When we pray in the Lord’s Prayer “Thy Kingdom Come” we are praying that God will reign over our world and over our lives right now, today, in all that we are and in all that we do.  At the same time we are praying for God to bring about  the fullness of the Kingdom at the end of time when all will be caught up in the glory of God.  To worship Jesus Christ as our King and the King of the Universe is to accept the rule of God over our world and our lives.
Bishop Stephen Blaire


Homily    Thirty-third Sunday in Ordinary Time

As the Church approaches the end of another liturgical year (Yes, Advent will be here on December 2nd) we can look back on a turbulent year of crises within the Church.  We must begin by being honest and acknowledge that the Church over these last 20-30 years has created procedures for child safety that have made us one of the safest institutions in the US.  There are still some gaps on accountability of reporting from parishes and some transparency issues but the results have been good.  Almost all the cases you are hearing or reading about are 30 to 70 years old.  However, what remains for great discussion and prayerful reflection and ultimate action is the underlying clerical culture that sought to help the priest in trouble but gave little or minimum attention to the care of the survivor.  There is a tremendous need for an ongoing team effort of lay people, professionals and clergy in renewing the structures of accountability in the Church.  How can we bishops be better accountable to you our people?  We are given the responsibility of governance in the Church which Jesus illustrated in his teaching as servant leadership. How can we bishops be better servant leaders?
Today’s scripture readings give us the context of how to live as a Church in service of the kingdom of God. It is not easy to sort out the teaching of Jesus in the gospels about the last days.  However, two clear points emerge.  We are to have total confidence in God as we live out our lives and we are to live with great vigilance because we do not know the day nor the hour when Jesus, the Son of Man, will return in all his glory.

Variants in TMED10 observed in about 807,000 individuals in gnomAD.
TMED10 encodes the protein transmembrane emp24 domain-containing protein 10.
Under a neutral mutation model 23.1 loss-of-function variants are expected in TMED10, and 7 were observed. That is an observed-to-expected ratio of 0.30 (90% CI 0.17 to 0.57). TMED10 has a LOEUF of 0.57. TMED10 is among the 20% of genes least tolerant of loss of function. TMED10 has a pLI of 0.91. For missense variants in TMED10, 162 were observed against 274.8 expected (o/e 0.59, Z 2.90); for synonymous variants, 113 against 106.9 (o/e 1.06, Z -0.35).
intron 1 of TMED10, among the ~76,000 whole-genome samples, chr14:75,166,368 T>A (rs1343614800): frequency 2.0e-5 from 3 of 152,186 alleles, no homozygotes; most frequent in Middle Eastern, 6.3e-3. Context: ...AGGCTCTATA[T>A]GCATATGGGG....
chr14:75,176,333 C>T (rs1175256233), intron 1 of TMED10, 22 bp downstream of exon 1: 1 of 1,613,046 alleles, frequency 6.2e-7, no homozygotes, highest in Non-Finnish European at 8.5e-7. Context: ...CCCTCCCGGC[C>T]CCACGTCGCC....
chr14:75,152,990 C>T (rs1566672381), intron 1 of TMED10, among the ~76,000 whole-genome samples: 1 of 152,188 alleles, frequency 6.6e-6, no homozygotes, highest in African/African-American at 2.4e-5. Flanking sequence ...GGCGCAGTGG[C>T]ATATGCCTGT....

What does this mean for us today at this very time?
It means first of all that we accept the rule of God in our lives in everything we do.  We know the commandments of God as given to us in the Old Testament and preached by Jesus.  By His teaching and His works he established the reign of God in the world and definitively did so by his passion, death and resurrection.  So the kingdom of God is in our midst at this very moment and will be so until it is fully complete at the return of Christ.
Secondly we need to be alert – vigilant.  The truth of the matter is that most people in their worldly pursuits are far more diligent and astute than we are in following Christ.
I would like to suggest that we will enter into the final coming of Christ when we pass through death.  Death is the moment -so to speak- when we encounter Jesus personally.  We leave space and time and enter into eternity where there is no time and no place.  But we only know how to express our faith about what happens in human words.  We bring with us in death our whole lives and all our experiences, everything we have become.  When we enter into eternity Christ comes again for us but first we have to be purified (what in the old days we called purgatory).  We are prepared to enter fully into God’s glorious presence by the overwhelming love of God who purifies us.  So even though we do not know when Christ will come again in space and in time I believe that in eternity he does come again and that is heaven when we are with him and with all those who have gone before us in death.  Since we bring every aspect of our lives with us into eternity it is so important that we be vigilant in living our lives now for God and for one another.  In this way we will be prepared for death and our personal encounter with the Lord Jesus.
So as the Church moves ahead in seeking to renew itself, it does so in service of the kingdom of God.  In everything we do as a Church and in everything we do as members of the Church we put our total confidence in God.  Then we must be alert, ready to give an accounting of our lives, to  God.  We must be vigilant to live in a way that is good and just and loving. We are  filled with hope that all things will come to good when Christ establishes the fullness of His kingdom in the glory of eternity. But eternity begins now in time.
Bishop Stephen Blaire


Homily  32nd Sunday in Ordinary Time

Some people are just plain stingy – why? I do not know.  I know good people  who seem to have the  first penny they ever earned.
Some people cannot give without wrapping their gift in a box of complaints.  I know a wealthy donor from another time and another location far from here who was generous but never stopped griping and complaining about how his money was being used.